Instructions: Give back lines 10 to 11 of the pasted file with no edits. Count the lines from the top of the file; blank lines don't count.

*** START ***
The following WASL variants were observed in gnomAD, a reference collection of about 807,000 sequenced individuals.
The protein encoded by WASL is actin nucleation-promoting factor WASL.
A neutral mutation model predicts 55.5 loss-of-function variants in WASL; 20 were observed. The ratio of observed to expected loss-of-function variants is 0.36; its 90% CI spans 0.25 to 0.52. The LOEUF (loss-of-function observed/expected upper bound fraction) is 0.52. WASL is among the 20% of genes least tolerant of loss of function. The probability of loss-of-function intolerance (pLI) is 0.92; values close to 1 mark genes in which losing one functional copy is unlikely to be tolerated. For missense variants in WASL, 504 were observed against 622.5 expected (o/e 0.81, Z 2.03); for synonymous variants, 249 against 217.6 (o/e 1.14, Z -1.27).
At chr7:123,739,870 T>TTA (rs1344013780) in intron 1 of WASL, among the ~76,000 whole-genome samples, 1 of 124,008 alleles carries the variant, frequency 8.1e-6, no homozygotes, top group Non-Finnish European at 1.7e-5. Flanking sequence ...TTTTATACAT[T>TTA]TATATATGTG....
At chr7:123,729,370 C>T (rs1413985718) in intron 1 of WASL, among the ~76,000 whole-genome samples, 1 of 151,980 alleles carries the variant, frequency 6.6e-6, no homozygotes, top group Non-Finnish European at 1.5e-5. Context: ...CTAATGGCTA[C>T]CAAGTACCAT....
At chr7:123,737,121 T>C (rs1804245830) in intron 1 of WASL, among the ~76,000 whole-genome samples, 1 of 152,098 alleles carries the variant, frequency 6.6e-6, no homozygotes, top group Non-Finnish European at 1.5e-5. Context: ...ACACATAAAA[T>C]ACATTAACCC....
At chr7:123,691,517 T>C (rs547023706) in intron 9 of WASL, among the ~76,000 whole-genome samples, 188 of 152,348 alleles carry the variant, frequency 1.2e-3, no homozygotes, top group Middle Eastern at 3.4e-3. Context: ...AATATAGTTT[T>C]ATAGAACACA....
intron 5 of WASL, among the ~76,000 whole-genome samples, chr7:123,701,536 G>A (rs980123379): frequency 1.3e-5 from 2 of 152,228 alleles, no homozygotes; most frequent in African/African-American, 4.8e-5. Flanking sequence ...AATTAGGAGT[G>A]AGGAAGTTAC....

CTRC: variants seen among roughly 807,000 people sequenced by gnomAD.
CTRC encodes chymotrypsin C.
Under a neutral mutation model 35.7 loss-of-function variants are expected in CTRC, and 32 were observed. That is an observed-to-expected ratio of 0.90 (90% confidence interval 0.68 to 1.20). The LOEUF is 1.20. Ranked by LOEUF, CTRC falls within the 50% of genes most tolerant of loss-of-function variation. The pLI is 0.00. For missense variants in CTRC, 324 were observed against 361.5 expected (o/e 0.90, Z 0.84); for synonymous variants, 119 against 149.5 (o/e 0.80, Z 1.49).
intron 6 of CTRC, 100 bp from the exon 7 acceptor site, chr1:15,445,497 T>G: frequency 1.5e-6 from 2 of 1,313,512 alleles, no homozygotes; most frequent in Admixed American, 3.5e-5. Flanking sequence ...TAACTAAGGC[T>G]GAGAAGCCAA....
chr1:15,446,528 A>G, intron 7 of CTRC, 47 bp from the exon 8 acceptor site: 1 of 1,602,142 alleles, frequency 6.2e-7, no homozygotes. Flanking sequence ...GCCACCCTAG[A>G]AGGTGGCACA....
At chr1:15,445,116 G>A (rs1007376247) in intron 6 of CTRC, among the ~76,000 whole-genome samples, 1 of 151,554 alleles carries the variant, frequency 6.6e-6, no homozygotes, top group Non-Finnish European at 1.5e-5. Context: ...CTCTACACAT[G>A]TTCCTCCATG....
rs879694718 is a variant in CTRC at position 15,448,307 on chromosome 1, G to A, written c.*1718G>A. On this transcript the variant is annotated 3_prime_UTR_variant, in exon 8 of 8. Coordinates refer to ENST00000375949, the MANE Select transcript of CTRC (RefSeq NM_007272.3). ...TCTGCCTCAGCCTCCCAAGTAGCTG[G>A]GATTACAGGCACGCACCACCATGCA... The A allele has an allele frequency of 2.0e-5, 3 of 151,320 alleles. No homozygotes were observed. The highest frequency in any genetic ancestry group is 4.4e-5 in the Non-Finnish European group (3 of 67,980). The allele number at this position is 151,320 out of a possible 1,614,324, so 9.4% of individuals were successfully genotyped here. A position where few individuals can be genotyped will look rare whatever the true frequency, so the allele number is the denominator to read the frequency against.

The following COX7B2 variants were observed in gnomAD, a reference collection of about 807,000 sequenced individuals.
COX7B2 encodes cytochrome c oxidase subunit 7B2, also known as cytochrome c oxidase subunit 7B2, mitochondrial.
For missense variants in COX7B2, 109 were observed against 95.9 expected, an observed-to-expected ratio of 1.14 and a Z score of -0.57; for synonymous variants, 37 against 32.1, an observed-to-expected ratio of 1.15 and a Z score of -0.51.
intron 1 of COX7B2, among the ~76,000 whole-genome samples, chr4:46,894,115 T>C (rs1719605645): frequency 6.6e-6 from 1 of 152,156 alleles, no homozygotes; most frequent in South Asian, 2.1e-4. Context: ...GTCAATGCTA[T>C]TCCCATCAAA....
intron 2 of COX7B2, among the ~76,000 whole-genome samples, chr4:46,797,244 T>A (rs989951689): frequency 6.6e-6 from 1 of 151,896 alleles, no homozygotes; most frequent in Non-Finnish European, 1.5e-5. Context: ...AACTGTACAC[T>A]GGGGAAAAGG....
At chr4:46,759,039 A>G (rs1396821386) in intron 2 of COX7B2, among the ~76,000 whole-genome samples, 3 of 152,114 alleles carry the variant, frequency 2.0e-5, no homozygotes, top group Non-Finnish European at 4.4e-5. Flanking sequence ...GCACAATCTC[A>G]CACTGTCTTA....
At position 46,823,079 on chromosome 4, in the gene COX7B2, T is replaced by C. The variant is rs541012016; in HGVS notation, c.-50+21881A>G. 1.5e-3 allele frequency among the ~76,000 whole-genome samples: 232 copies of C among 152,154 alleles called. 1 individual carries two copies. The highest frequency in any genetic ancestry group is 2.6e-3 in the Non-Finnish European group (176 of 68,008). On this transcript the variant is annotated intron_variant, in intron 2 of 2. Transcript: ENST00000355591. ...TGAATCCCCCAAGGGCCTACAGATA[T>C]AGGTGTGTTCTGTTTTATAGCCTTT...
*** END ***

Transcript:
CTRC encodes chymotrypsin C.
Under a neutral mutation model 35.7 loss-of-function variants are expected in CTRC, and 32 were observed. That is an observed-to-expected ratio of 0.90 (90% confidence interval 0.68 to 1.20). The LOEUF is 1.20. Ranked by LOEUF, CTRC falls within the 50% of genes most tolerant of loss-of-function variation. The pLI is 0.00. For missense variants in CTRC, 324 were observed against 361.5 expected (o/e 0.90, Z 0.84); for synonymous variants, 119 against 149.5 (o/e 0.80, Z 1.49).